Two years ago, John Holley left his role as CIO of the Auckland Regional Council to pursue his passion. Although Holley started his career as a programmer at Massey University, he says that what he most enjoys about working is interacting with people and growing teams. Following his three-year tenure as the group ICT manager at the Council, and a further three months as acting general manager of operations — Holley started his own IT consultancy, and now works as the general manager of operations at loyalty marketing company Visible Results.
He says moving beyond the CIO role was an easy decision to make.
“By the time you’re a CIO you’d better know where your passions are or you’ll never be satisfied with your job.”
Related:The CIO as peacekeeper
John Holley ventures into an unfamiliar territory to most CIOs - to South Sudan, as a planning officer for the United Nations Mission.
Holley says not all CIOs and IT executives have the same view, and many he has spoken to have told him they are comfortable in their roles if not completely satisfied. Holley says the political nature of some senior executive positions makes it off-putting for some to move up to the boardroom, and similarly not everyone is willing to take the risk to leave their job or start a new business.
“If you can’t let go of the toys and always want to be down with the technology you need to make that decision early on. Most likely if you have a strong technology bent, you may decide you don’t want to go beyond that,” says Holley. “For me there was always a desire to do more than just IT.”
Holley says for those looking to move beyond being a CIO, consulting or operational management roles like his are very well suited to the CIO skill set.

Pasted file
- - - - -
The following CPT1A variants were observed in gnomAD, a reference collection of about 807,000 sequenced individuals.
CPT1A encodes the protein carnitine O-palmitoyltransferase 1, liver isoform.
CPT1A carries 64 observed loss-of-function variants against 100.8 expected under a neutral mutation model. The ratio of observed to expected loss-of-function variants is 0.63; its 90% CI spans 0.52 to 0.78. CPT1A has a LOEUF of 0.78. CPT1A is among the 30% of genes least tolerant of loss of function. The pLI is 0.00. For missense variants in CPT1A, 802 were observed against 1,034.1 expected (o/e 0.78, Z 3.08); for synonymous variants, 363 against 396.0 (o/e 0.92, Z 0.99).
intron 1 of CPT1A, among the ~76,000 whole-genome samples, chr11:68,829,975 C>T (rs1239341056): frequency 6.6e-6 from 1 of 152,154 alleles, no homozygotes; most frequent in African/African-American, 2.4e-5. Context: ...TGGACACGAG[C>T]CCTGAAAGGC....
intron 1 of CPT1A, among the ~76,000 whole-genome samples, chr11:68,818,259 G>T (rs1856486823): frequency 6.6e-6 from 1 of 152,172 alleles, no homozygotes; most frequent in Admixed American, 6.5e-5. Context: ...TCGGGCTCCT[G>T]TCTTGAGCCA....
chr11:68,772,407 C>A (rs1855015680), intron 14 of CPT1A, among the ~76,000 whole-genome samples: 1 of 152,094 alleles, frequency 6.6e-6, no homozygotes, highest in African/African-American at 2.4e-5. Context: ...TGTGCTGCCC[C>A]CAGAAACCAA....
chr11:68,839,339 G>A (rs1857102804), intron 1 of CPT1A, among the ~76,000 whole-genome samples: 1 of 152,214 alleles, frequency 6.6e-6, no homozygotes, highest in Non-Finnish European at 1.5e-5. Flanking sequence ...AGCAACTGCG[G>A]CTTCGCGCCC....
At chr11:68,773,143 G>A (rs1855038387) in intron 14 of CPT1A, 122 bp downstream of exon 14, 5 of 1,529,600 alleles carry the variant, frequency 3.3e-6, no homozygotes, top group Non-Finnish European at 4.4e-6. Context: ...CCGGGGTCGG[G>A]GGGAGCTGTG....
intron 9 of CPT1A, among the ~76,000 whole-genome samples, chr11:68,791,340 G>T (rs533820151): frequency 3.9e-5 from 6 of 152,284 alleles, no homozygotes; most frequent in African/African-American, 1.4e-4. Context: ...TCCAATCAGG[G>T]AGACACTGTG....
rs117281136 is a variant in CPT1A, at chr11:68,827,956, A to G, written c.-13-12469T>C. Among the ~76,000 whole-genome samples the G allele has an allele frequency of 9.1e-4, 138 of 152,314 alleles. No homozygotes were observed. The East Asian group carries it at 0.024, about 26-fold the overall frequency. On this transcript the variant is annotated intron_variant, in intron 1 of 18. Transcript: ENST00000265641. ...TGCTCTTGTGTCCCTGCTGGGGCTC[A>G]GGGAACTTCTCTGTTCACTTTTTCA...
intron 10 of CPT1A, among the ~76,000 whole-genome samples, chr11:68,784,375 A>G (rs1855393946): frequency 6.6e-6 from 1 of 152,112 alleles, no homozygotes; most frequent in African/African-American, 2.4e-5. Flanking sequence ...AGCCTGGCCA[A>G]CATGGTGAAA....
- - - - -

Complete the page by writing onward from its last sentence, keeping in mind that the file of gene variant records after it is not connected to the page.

“If you’re a good CIO you’re looking to improve the organisation as a whole. You have probably the most holistic view of the company, which gives you very critical experiences you need as an operations manager,” says Holley.
Holley advises that CIOs should broaden their skill base while working in their current positions to prepare them for the future. Technology update courses are a given, but finance and business courses are a valuable addition. Holley studied for his Diploma in Business Operation Management while working at an Apple reseller in the 1990s.
Leadership and people management skills are critical in higher roles or when starting your own company, says Holley. Unfortunately, New Zealand companies have very poor leadership training processes, he adds.
“If you’re going to be successful at senior management it’s not just about being technically proficient, it’s about being a good leader,” says Holley.
“One of the challenges for CIOs is building leadership competencies. Often companies substitute quality mentorships with conferences on the subject of leadership.”
Holley’s expectation of leadership stems from his several stints in the New Zealand and Canadian military, which began in the late 1980s and continues today in a directorial role.
Holley says that in the army your key performance indicators include how well your subordinates are trained. Mentors are readily assigned in order to train the next generation.
“On the battlefield you need to train up the people beneath you because if you get killed, someone needs to be able to step up and take over. We should have the same mentality in business,” says Holley.
Air New Zealand is one company that Holley ranks highly for doing things right. He says the airline encourages mentorship programmes and also allows staff who are unsatisfied to move across the company, or in some cases move to a different company to learn new skills with the hope one day they will bring those skills back to Air New Zealand.
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